I find it easy to write my thoughts down, or to record videos of myself talking about transitioning, but educating individuals on a one-on-one basis daily is something beyond me. If I know that I’m at an event to educate people, I can do it, and do it well. But if I’m just going about my daily life, I cannot do it. It kills me, too, because it means smiling and pretending, when all I really want to do is scream.

Being transgender, and in particular, being non-binary is excruciatingly difficult. Why can’t people just tell that I’m non-binary – neither girl nor boy? Why do I have to use the disabled loos or be faced with a choice between male or female toilets? Why has my country written into law a self-declaration of gender bill that excludes non-binary identity? Why do cisgender politicians in the UK believe that there is no specific detriment to refusing me my right to have my gender legally recognised? Why do I have to ALWAYS cross out Mr/Ms/Mrs/Miss options to write Mx as my title? Why? Why? WHY?!?!? WHY is this all so difficult?

Each time I venture out, it takes a huge amount of courage and energy, because I know that I will be misgendered, dead-named or referred to in some way that implies that my gender is binary. Even some trans people struggle with my identity.

“It muddies the water by telling people about non-binary issues, let’s just keep it simple”

or

“Would you mind not using the *insert gender* loo because I get funny looks/outed as trans when I walk in with you”

No matter what way I turn, there are barriers and rejection. No wonder trans people isolate themselves. No wonder trans people self-harm and consider suicide. It’s not a popular topic to talk about (who wants to talk about these topics, really?) but when I came home today, I felt desperate, despairing and suicidal. And my day wasn’t even, in the grand scheme of things, that bad. But it’s the consistency of these bad days that bring me down. It’s the fact that I overcame my anxiety to attend this event, only to be denied my existence over and over again. The worst bit is that I have no idea how to change things. How can I change the outlook of people when out society is so gendered, so binary, so steeped in the essentialism of gender?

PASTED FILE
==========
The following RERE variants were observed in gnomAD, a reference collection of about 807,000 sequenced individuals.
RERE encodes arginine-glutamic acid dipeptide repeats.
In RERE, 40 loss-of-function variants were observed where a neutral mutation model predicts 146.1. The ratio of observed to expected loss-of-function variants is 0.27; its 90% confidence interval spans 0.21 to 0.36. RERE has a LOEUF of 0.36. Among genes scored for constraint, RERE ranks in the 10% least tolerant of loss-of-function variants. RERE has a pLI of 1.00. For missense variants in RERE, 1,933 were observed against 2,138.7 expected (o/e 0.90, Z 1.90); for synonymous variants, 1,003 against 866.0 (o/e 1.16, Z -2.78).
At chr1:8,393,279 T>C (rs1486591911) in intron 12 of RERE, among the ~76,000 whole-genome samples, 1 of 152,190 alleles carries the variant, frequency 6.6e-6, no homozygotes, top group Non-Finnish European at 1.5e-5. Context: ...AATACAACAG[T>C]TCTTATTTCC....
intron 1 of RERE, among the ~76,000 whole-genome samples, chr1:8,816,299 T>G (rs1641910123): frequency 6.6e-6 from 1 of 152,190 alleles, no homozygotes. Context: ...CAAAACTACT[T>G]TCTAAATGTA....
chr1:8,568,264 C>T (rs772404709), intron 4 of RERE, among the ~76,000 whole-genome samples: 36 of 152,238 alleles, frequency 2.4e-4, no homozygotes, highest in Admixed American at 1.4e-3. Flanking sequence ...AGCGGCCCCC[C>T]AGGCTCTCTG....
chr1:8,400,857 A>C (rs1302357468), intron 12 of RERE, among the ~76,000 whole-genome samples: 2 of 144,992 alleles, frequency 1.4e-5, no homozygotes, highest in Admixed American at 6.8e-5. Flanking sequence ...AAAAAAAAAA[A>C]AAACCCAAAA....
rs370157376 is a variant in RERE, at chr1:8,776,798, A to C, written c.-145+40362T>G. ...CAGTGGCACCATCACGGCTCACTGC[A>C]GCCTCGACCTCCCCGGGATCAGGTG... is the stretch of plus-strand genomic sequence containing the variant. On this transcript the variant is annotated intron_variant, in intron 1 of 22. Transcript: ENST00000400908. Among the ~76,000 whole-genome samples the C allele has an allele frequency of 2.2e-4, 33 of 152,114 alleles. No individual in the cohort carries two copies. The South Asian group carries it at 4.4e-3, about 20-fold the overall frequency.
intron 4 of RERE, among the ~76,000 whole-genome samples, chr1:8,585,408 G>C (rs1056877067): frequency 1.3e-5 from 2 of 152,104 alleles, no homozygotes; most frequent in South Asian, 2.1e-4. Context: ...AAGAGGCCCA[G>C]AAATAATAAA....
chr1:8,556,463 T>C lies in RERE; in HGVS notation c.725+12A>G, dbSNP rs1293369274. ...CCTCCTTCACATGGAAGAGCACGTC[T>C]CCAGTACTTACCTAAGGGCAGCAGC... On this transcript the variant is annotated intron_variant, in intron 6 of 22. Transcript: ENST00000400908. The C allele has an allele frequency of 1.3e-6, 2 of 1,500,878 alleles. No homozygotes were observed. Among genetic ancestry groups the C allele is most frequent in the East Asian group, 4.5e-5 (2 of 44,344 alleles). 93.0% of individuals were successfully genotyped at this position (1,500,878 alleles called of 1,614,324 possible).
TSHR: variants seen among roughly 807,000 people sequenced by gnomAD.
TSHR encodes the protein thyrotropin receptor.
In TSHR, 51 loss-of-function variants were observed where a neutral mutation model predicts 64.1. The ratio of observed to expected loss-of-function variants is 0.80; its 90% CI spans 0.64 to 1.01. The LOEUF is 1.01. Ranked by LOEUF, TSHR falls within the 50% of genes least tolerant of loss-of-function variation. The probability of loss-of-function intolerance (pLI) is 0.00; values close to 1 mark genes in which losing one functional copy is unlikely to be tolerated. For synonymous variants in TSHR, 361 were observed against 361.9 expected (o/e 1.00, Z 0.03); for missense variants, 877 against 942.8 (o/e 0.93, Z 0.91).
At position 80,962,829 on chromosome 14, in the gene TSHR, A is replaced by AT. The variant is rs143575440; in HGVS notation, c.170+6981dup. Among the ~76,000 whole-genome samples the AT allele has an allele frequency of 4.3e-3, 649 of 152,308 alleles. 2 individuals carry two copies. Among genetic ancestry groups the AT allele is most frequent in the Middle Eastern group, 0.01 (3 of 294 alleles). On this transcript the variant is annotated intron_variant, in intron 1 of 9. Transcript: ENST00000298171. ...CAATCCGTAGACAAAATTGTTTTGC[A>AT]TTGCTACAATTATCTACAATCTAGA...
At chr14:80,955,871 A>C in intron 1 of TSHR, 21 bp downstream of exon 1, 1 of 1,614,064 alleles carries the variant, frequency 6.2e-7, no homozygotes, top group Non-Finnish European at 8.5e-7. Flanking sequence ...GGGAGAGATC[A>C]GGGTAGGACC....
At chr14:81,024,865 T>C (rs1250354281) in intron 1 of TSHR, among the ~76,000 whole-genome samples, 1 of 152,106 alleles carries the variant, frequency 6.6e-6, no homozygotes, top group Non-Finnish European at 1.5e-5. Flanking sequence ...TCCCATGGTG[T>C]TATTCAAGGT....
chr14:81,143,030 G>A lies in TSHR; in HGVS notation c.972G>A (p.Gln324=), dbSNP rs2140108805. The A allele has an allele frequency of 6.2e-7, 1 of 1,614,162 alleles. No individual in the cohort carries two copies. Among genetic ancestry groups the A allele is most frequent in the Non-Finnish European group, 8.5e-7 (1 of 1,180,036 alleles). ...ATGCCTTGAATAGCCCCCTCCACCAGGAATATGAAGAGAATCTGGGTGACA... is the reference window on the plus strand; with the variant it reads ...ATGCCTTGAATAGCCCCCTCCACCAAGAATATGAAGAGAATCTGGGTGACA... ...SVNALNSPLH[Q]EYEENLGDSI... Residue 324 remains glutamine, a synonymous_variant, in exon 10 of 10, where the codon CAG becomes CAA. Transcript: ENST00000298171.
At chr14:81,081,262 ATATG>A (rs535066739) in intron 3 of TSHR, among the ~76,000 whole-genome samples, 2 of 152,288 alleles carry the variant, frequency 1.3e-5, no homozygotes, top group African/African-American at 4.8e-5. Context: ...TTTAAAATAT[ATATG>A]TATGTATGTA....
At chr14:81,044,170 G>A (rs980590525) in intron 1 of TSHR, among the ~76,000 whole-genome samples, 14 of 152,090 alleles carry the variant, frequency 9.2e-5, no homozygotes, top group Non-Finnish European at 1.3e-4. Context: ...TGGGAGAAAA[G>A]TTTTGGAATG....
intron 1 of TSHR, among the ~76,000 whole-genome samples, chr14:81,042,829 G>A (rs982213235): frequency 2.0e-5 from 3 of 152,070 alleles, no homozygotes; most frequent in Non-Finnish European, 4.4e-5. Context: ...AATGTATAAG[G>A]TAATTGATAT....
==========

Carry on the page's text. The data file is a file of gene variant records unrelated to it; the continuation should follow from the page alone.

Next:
It’s really fucking hard being transgender. And it’s really fucking hard being non-binary. Sometimes I just wish life could be easier.

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2 Responses to Why can’t you see that I’m non-binary?

  1. Vince says:

    I wish that too. I’m not non-binary but I am trans, and currently feeling paranoid that everyone who addresses me as ‘Mr Berryman’ or ‘Vincent’ doesn’t really believe that is my name, and is laughing at me behind my back.

    Like

    • magicaljunk says:

      I identify as agender; and looking both into what options are available to transition, and what support is available in Northern Ireland, is very lacking and that is both sad and depressing.
      Even the trans community here doesn’t seem to barely recognise people who are non-binary.
      I’m glad I found your blog, and will be following it. Wishing you the best…

      Like